For the stream team. You all inspire like none-other.
Also, for Sian, who is my writing buddy for Camp NaNo July 2015.
Lenore awoke with her skin crawling. As she become more conscious she realized it was just goose bumps crawling up her skin from the chill of the refrigerator. She sat in front of it, the door open and light shining down on her in an otherwise dark kitchen.
What the hell?
She braced herself against the fridge door and frame to stand, surprised as her hand and feet slipped out from under her. Looking up at where her hand had streaked down the door frame, Lenore saw a streak red-brown against the clean metal. She looked to her feet and found a similar puddle coloring the tile, her pajama bottoms and sluicing off of her feet. In the puddle, and sticking to her feet, were bits of what she could only think looked like flesh.
Lenore almost lost her stomach as the realization came upon her, that she was standing in a puddle of blood.
Instead she screamed.
Her parents ran in at her cries. Mom came straight for her, almost slipping in the puddle, but Dad hung back surveying the scene.
“Nor,” her mother said, trying to brace her arms on Lernore’s shoulders. But Lenore thrashed at her, unsure of why she was thrashing in the first place. “Lenore! It’s alright honey, it’s okay, you’re fine, you’re fine.” Her mother grabbed her hands and held her down, turning back toward her father. “John, a little help please?”
Father reached over her mother, careful of the pile of liquid and grabbed Lenore by her waist, pulling her up and over his shoulder.
“John!” said her mother. Lenore was sure she felt herself knock against her mother, and as her father turned, Lenore still screaming, she could see that her mother had fallen into the puddle.
Her father didn’t say anything, just carried Lenore from the kitchen to the bathroom, where he turned on the shower. Dumping his daughter inside, John took the detachable shower head and began to spay her down. Lenore sputtered as the spray hit her eyes and mouth, but she stopped screaming. The cold water streaming down on her body made her more preoccupied with shivering.
“’s too cold,” she managed to sputter old. “Dad…” The last word came out like a whine, but Lenore couldn’t help it.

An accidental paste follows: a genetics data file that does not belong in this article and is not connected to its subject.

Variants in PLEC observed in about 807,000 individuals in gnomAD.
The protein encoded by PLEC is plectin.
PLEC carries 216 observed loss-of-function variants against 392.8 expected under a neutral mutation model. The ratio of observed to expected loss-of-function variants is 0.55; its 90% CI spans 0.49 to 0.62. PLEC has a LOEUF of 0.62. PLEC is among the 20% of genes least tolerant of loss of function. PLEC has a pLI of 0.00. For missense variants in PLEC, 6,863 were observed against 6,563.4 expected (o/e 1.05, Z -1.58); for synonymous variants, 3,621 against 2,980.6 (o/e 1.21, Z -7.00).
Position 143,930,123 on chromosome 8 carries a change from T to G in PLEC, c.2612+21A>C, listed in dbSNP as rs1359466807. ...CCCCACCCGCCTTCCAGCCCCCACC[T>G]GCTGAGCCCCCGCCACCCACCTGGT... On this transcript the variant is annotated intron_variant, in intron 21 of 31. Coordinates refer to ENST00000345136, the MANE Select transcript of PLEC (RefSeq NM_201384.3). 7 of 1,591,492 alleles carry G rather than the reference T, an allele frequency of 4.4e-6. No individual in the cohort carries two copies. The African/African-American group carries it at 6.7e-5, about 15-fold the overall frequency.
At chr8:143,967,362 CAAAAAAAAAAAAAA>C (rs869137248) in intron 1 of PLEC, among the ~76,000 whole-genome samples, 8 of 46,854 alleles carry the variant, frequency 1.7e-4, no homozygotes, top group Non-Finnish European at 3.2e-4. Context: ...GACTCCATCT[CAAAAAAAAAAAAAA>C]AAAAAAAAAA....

John sighed, his features sagging from a blank expression, to one with a small smile. “Ok, sweet heart, warm water it is.”
He turned the hot water faucet, and for a while they stayed there like that, Father spraying the warm-hot water over Lenore’s body. Slowly Lenore came back to herself, though the knowledge of waking up in the kitchen was no less present in the forefront of her mind. She was awake enough that she realized when Mom stepped into the bathroom door frame, wearing clean jeans and a blouse instead of stained pajamas, holding a piece of Styrofoam she looked up.
“Mom,” said Lenore, “what is that?”
“It’s from the steaks we bought,” she said. “Searched high and low, but the only thing left of the steaks was that puddle you left in the kitchen.”
And then, despite the warm water, Lenore began to tremble.
“You can call out from work and email your professor,” said Dad as Lenore braided her hair at the breakfast table.
It was still wet, and normally she would have let it dry loose, but she was running late as it was on account of her morning happenings. Lenore just shook her head. “I skipped last class, so I need to go to this one. Plus, Donna’s on vacation and Lucy’s ready to pop any day now so she’s on bedrest at the hospital,” she said. “I’m the only one Cindy has to help her today.”
“What about George?” her dad asked.
“George is running a program all day today, so they need me to help run the library.” She tied off the end of her braid. “I’ll be fine, Dad. Weird things only happen to me when I sleep.”
“Maybe you just need more iron,” her mother suggested stirring cheese into a pot of grits. “When was the last time you bled?”
Her father shook his head as he raised his coffee cup to his lips and began to concentrate on the morning paper. But Lenore tossed her head back and actually gave it some thought. “I finished two weeks ago.”